“The customer also discovered that the measurements improve its understanding of the geology and fault networks.”

Orica has also deployed the system at coal mines to identify the top and bottom coal layers while drilling.

“Measurements from RHINO help reveal subsurface structure, which is critical information when mining commodities such as coal. Accurate, consistent discrimination of coal from waste helps avoid dilution and improves mine economics,” adds Mathiravedu.

In addition, the sensor helps mining operations reduce exposure to the risks associated with having additional people and equipment on the bench – a strip of land cut into the side of an openpit mine – and acquiring data after holes are completed.

“RHINO operations during the Covid-19 pandemic were challenging, as our field engineers had to be placed in quarantine before accessing mine sites. However, after training the local workforce to service our equipment, they were able to remotely monitor data acquisition to ensure continuous operations throughout the field trials,” Mathiravedu tells Mining Weekly.

Continued Development

The company’s engineering team is also working on a drill sub equipped with RHINO sensors along with drillstring rotation rate, torque, force and bending sensors to provide a complementary suite of rock and drilling-related measurements.

“Algorithm developments, cybersecurity upgrades and real-time system health monitoring are also in the works. The drill sub eases operational deployment, while the software developments are part of our continuing commitment to improve capability, scalability, service quality and client data security,” he adds.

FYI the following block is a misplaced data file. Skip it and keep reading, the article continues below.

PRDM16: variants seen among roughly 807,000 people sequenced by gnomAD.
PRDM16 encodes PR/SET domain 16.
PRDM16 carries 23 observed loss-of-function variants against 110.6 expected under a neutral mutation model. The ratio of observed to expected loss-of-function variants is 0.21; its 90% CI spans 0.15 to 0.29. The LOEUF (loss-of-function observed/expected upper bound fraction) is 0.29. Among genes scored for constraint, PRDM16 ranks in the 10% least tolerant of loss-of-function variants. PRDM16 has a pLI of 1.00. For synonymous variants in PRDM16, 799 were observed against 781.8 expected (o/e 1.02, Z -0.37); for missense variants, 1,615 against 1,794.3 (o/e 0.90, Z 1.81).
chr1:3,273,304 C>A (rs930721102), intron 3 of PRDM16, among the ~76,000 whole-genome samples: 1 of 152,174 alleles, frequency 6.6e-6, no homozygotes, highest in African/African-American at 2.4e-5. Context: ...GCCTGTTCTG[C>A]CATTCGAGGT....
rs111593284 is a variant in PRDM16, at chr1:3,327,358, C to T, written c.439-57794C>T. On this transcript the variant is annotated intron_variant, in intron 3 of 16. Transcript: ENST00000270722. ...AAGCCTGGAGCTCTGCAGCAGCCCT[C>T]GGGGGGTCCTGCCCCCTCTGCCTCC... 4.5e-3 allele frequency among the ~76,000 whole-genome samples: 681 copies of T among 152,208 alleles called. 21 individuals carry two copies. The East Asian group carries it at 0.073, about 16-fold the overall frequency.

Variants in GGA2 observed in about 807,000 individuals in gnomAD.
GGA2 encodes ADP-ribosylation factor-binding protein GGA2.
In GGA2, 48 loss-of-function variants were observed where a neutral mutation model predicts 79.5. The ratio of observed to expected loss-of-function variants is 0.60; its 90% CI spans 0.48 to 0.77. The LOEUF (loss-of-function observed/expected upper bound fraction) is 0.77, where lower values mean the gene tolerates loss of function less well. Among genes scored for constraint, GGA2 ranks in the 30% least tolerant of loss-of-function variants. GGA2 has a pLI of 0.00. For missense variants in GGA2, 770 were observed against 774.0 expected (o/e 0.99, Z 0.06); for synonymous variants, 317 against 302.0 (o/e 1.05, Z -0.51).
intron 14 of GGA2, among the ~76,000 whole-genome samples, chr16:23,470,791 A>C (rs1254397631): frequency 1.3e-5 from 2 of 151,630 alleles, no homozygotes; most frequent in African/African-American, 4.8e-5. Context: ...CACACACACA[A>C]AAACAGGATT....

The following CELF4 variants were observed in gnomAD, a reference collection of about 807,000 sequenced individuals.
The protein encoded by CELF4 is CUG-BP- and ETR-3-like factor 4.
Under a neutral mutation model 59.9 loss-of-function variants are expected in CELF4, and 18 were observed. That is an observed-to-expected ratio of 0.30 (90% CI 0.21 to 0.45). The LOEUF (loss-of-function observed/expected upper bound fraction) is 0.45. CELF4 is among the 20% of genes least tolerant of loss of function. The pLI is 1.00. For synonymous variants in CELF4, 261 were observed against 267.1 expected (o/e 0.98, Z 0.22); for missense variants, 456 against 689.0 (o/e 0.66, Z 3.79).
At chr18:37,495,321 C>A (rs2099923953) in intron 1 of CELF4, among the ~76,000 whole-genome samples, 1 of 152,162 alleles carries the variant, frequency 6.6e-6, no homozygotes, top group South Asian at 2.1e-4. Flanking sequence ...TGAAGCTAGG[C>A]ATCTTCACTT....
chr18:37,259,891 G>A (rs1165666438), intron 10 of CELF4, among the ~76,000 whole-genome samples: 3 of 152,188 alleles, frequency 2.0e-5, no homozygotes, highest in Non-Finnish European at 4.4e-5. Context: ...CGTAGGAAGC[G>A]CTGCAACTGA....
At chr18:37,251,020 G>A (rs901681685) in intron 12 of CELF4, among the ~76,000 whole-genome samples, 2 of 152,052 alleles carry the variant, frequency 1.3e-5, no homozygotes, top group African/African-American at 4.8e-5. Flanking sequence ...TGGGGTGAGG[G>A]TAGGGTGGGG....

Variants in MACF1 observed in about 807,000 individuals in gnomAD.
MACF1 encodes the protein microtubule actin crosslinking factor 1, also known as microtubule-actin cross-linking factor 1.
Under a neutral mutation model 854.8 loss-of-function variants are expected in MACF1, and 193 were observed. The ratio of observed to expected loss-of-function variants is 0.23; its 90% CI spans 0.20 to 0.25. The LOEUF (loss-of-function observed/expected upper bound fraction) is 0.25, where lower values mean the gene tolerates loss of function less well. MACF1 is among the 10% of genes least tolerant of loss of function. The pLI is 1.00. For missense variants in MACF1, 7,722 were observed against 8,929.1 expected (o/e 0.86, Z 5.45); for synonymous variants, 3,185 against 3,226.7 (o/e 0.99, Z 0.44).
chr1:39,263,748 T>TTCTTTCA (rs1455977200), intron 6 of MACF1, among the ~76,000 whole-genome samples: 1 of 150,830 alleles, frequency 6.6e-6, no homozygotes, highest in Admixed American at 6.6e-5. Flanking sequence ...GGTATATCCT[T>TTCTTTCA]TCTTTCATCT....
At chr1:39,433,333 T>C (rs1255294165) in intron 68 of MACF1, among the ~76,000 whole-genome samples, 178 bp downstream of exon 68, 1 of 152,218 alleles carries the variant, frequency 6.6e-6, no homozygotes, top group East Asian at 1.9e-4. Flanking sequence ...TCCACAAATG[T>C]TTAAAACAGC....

Digitalisation of workflows continues to influence Orica’s product development and requires system measurements, algorithms that guide adjustments to the system based on the measured state, and a digital ecosystem to consume, distil, display and action the knowledge extracted from the measurements.

“Orica is enhancing its digital solution offerings by developing and delivering a suite of integrated workflow tools to allow for the corporate vision of mobilising earth’s resources in a susvtainable way,” highlights Mathiravedu.

The key challenge for all technology companies is finding customers that are willing to be trailblazers and partner with Orica in new technology trials.

“Traditionally, customers have adopted the wait-and-see approach; however, there is a shift in the trend as they are increasingly innovating as an imperative to enhance profitability and ensure the sustainability of their operations.”

Early adoption of new technologies has improved significantly in the past few years as the mining industry breaks down traditional value chain silos to consider the benefits that Orica’s technologies can deliver. The industry has also become more open to collaborating with peers and competitors to address industry-level problems, he concludes.

Edited by Nadine James
Features Deputy Editor